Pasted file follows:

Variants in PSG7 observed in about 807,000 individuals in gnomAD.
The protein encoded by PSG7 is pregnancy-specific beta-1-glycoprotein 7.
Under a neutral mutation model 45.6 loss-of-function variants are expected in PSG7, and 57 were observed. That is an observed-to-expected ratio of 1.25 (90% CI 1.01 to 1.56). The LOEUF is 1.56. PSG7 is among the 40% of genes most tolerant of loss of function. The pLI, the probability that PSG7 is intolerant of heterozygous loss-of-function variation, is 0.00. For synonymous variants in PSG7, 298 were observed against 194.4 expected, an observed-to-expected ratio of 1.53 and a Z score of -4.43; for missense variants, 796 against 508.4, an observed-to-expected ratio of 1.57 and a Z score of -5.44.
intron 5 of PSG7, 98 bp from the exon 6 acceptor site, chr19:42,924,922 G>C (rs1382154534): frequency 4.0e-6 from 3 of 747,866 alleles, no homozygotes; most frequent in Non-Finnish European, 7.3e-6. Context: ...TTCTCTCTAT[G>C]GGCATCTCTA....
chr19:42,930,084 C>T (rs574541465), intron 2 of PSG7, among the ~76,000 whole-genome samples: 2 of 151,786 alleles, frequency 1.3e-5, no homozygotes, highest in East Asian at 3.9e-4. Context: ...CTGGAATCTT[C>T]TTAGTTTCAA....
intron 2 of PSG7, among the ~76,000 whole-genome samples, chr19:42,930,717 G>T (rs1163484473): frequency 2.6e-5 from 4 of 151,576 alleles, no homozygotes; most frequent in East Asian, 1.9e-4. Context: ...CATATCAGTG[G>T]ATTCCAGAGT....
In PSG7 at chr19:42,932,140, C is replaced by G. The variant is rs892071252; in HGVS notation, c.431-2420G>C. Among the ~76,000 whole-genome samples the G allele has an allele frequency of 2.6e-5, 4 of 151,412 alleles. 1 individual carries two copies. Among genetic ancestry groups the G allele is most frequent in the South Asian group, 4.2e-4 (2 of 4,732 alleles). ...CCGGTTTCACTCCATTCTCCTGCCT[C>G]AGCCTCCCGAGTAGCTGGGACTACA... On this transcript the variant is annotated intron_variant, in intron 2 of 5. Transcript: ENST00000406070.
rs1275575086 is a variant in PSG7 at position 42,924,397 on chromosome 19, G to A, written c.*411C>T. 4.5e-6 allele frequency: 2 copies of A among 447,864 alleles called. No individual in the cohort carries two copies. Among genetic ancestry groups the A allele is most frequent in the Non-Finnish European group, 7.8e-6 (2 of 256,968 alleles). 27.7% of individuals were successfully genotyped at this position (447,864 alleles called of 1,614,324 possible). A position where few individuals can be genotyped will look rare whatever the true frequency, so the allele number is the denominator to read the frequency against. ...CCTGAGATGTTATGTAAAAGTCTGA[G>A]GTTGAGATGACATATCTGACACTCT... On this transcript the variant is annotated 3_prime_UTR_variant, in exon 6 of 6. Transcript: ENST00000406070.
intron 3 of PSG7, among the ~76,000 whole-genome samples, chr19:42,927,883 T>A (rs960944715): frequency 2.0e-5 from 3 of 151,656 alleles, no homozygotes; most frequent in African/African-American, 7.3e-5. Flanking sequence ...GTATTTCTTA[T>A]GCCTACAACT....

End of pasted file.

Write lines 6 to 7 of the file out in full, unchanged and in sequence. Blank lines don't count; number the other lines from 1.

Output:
intron 2 of PSG7, among the ~76,000 whole-genome samples, chr19:42,930,717 G>T (rs1163484473): frequency 2.6e-5 from 4 of 151,576 alleles, no homozygotes; most frequent in East Asian, 1.9e-4. Context: ...CATATCAGTG[G>T]ATTCCAGAGT....
In PSG7 at chr19:42,932,140, C is replaced by G. The variant is rs892071252; in HGVS notation, c.431-2420G>C. Among the ~76,000 whole-genome samples the G allele has an allele frequency of 2.6e-5, 4 of 151,412 alleles. 1 individual carries two copies. Among genetic ancestry groups the G allele is most frequent in the South Asian group, 4.2e-4 (2 of 4,732 alleles). ...CCGGTTTCACTCCATTCTCCTGCCT[C>G]AGCCTCCCGAGTAGCTGGGACTACA... On this transcript the variant is annotated intron_variant, in intron 2 of 5. Transcript: ENST00000406070.